Also, some of your arguments do not make the case you intend. Arguing that there could be situations where guilt is 100% assured doesn’t detract at all from the uneven application argument (part of the broken system). Moreover, you created a strawman. Quin didn’t argue that capital punishment couldn’t possibly be applied properly, just that it wasn’t being applied properly. You switched midstream from arguing that he was inethical to arguing that you don’t like his reasoning, and it doesn’t appear that you realized it.

    Later, you seem to support the idea that if there are 2 sides with rational arguments, we must keep the status quo. Was that intended?

    • You need a nap.

      Quinn said it couldn’t be fixed. He’s clearly wrong. The arguments you mentioned have nothing to do with the justice of executing a Timothy McVeigh. What does a “found wrong” have to do with him? Or Loughner?

      Your point makes no sense. If the only people who could be put to death were those who killed someone in front of witnesses and were apprehended in the act, how does that have anything to do with “misapplication of the system?”

      Quinn doesn’t have an obligation to give a long speech about his rationale, though it would help, but he does have an obligation not to spout garbage. “…we cannot ensure justice is achieved in every case” is indeed garbage, and I explained why. As a general statement, it requires perfection of a system for it to be valid. That is absurd. As applied to capital punishment, it is also wrong: a system that was sufficiently narrow could guarantee justice: I know for a fact that no assassin or killer caught in the cat in front of a crowd of witnesses who was linked to the weapon has ever been shown to be innocent after his execution. Perfect. Show me a case to the contrary, or back off.

      • Quinn said it couldn’t be fixed. He’s clearly wrong. The arguments you mentioned have nothing to do with the justice of executing a Timothy McVeigh. What does a “found wrong” have to do with him? Or Loughner?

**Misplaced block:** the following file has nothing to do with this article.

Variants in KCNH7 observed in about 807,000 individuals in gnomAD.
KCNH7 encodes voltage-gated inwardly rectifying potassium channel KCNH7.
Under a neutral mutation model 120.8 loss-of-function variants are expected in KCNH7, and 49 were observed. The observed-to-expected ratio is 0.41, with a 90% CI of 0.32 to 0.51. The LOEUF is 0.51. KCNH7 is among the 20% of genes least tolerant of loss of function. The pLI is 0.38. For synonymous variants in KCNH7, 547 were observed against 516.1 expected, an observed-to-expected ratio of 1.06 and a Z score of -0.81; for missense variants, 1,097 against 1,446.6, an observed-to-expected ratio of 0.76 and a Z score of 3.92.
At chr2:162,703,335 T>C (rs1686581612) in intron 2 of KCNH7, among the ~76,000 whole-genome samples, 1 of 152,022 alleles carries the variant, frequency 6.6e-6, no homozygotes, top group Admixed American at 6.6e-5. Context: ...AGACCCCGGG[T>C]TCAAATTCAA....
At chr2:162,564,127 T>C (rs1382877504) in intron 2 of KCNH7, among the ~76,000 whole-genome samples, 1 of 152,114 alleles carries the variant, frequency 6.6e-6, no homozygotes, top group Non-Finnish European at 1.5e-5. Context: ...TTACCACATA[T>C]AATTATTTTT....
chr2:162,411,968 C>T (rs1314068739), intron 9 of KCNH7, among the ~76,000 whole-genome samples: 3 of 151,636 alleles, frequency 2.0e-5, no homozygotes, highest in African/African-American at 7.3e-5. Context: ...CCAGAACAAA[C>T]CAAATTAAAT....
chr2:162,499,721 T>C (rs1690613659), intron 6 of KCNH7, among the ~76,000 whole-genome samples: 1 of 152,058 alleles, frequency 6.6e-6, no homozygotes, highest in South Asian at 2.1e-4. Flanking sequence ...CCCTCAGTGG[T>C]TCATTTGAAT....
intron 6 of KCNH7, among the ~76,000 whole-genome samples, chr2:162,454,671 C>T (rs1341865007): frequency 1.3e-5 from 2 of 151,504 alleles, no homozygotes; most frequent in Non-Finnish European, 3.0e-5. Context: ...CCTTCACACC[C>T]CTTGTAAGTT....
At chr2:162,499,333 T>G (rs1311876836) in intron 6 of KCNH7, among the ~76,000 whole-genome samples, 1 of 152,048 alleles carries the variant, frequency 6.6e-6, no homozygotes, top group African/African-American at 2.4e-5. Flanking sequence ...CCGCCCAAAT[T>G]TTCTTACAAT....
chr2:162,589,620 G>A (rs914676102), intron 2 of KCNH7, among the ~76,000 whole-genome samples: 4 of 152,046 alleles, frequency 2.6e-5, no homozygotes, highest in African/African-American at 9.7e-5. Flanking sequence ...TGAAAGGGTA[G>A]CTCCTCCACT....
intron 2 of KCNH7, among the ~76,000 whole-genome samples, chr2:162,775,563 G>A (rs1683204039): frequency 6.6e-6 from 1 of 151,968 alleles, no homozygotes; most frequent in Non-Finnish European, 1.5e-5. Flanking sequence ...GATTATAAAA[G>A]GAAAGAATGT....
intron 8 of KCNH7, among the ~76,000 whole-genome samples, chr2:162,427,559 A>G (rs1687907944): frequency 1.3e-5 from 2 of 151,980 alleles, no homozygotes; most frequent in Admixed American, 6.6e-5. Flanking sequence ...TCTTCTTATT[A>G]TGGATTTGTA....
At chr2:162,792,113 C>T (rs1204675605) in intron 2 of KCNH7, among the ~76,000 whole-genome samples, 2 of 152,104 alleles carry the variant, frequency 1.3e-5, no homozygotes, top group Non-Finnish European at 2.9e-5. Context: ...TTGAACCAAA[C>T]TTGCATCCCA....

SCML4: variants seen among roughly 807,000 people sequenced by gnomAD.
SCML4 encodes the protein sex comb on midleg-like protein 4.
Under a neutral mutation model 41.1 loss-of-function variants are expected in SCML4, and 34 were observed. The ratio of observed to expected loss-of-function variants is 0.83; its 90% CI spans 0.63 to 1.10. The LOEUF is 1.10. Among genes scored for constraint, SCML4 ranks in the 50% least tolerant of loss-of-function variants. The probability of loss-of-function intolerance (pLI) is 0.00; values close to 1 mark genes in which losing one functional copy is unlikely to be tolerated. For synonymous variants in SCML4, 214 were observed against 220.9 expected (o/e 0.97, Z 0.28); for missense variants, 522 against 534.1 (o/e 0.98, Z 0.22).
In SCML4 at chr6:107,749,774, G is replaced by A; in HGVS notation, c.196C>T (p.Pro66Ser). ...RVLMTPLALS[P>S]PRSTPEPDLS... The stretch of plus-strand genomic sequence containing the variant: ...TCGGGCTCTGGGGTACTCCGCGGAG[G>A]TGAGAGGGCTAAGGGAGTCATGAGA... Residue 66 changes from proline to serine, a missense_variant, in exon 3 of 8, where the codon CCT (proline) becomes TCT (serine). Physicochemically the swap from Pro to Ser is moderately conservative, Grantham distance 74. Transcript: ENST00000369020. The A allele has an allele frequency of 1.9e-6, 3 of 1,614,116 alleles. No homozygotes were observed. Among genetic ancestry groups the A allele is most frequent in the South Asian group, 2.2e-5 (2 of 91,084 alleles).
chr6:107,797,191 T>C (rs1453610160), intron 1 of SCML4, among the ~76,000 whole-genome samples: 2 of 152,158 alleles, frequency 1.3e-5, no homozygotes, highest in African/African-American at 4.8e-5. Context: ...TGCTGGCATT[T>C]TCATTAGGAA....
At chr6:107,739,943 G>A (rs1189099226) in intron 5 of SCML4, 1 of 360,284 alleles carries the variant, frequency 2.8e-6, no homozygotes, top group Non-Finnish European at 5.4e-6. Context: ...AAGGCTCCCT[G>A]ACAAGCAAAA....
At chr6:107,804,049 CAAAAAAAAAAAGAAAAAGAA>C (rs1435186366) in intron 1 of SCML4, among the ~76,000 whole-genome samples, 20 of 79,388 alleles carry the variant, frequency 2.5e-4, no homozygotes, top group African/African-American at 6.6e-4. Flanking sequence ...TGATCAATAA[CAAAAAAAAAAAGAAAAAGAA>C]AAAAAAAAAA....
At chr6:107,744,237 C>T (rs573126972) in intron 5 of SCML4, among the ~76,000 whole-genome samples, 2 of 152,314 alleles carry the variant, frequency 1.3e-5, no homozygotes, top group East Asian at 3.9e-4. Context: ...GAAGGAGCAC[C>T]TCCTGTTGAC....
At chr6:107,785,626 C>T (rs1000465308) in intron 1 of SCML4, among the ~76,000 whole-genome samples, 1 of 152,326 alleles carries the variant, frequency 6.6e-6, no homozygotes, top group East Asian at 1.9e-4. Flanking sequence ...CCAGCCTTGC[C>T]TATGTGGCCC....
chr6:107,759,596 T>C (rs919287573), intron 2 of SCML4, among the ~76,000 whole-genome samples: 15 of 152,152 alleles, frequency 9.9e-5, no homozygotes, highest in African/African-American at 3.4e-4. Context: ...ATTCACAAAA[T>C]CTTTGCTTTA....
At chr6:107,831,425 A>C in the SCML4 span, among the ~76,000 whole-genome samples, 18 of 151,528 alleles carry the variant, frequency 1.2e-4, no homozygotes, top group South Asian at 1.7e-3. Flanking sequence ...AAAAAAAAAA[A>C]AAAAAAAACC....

I think you missed my mention of the uneven application argument.

        Your point makes no sense. If the only people who could be put to death were those who killed someone in front of witnesses and were apprehended in the act, how does that have anything to do with “misapplication of the system?”

        See above.

        I know for a fact that no assassin or killer caught in the [act] in front of a crowd of witnesses who was linked to the weapon has ever been shown to be innocent after his execution. Perfect. Show me a case to the contrary, or back off.

        And see above again. There were two parts to the problem. Innocence and disparate punishment. While disparate punishment happens across the system, death does get people’s goats stronger than 20 years in prison instead of 15 years. That there are other inequalities doesn’t detract from this inequality at all.

        • Oops. I think I tried to “quote” instead of “cite.” I demand a preview button that I will never use.

          Quinn said it couldn’t be fixed. He’s clearly wrong. The arguments you mentioned have nothing to do with the justice of executing a Timothy McVeigh. What does a “found wrong” have to do with him? Or Loughner?

          I think you missed my mention of the uneven application argument.

          Your point makes no sense. If the only people who could be put to death were those who killed someone in front of witnesses and were apprehended in the act, how does that have anything to do with “misapplication of the system?”

          See above.

          I know for a fact that no assassin or killer caught in the [act] in front of a crowd of witnesses who was linked to the weapon has ever been shown to be innocent after his execution. Perfect. Show me a case to the contrary, or back off.